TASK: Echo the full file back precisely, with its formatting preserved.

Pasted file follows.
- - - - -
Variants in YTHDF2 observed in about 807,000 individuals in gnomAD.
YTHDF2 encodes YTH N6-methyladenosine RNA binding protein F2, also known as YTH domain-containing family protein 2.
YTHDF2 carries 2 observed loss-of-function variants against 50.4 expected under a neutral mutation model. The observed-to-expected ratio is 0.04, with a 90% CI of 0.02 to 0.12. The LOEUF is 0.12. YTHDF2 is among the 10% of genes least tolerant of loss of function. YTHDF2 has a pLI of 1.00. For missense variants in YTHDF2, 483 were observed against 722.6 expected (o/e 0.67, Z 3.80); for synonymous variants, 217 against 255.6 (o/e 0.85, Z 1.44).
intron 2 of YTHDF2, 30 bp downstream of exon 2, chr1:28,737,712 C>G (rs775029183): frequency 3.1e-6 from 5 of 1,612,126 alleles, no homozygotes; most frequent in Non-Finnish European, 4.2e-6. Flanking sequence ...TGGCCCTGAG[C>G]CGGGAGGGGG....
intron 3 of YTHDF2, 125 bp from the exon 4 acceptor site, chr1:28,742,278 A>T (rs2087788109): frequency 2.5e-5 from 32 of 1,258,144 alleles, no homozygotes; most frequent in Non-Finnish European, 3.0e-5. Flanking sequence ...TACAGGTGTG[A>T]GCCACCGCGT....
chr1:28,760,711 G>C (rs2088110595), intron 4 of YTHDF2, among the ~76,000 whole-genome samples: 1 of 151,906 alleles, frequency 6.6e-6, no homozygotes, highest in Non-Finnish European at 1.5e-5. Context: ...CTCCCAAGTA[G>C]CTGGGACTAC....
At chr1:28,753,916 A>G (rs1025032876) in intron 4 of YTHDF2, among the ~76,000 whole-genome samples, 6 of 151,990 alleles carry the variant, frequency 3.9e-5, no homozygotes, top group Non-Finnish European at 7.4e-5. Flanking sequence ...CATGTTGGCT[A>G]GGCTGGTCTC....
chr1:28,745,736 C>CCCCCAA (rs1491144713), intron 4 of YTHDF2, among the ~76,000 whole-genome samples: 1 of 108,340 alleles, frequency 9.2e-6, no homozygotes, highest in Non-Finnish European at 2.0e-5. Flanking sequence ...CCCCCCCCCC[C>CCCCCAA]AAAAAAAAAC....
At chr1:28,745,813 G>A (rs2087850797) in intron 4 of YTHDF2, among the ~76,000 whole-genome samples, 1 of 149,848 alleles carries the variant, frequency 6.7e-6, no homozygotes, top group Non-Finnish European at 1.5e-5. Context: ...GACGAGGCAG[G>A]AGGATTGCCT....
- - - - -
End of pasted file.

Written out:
Variants in YTHDF2 observed in about 807,000 individuals in gnomAD.
YTHDF2 encodes YTH N6-methyladenosine RNA binding protein F2, also known as YTH domain-containing family protein 2.
YTHDF2 carries 2 observed loss-of-function variants against 50.4 expected under a neutral mutation model. The observed-to-expected ratio is 0.04, with a 90% CI of 0.02 to 0.12. The LOEUF is 0.12. YTHDF2 is among the 10% of genes least tolerant of loss of function. YTHDF2 has a pLI of 1.00. For missense variants in YTHDF2, 483 were observed against 722.6 expected (o/e 0.67, Z 3.80); for synonymous variants, 217 against 255.6 (o/e 0.85, Z 1.44).
intron 2 of YTHDF2, 30 bp downstream of exon 2, chr1:28,737,712 C>G (rs775029183): frequency 3.1e-6 from 5 of 1,612,126 alleles, no homozygotes; most frequent in Non-Finnish European, 4.2e-6. Flanking sequence ...TGGCCCTGAG[C>G]CGGGAGGGGG....
intron 3 of YTHDF2, 125 bp from the exon 4 acceptor site, chr1:28,742,278 A>T (rs2087788109): frequency 2.5e-5 from 32 of 1,258,144 alleles, no homozygotes; most frequent in Non-Finnish European, 3.0e-5. Flanking sequence ...TACAGGTGTG[A>T]GCCACCGCGT....
chr1:28,760,711 G>C (rs2088110595), intron 4 of YTHDF2, among the ~76,000 whole-genome samples: 1 of 151,906 alleles, frequency 6.6e-6, no homozygotes, highest in Non-Finnish European at 1.5e-5. Context: ...CTCCCAAGTA[G>C]CTGGGACTAC....
At chr1:28,753,916 A>G (rs1025032876) in intron 4 of YTHDF2, among the ~76,000 whole-genome samples, 6 of 151,990 alleles carry the variant, frequency 3.9e-5, no homozygotes, top group Non-Finnish European at 7.4e-5. Flanking sequence ...CATGTTGGCT[A>G]GGCTGGTCTC....
chr1:28,745,736 C>CCCCCAA (rs1491144713), intron 4 of YTHDF2, among the ~76,000 whole-genome samples: 1 of 108,340 alleles, frequency 9.2e-6, no homozygotes, highest in Non-Finnish European at 2.0e-5. Flanking sequence ...CCCCCCCCCC[C>CCCCCAA]AAAAAAAAAC....
At chr1:28,745,813 G>A (rs2087850797) in intron 4 of YTHDF2, among the ~76,000 whole-genome samples, 1 of 149,848 alleles carries the variant, frequency 6.7e-6, no homozygotes, top group Non-Finnish European at 1.5e-5. Context: ...GACGAGGCAG[G>A]AGGATTGCCT....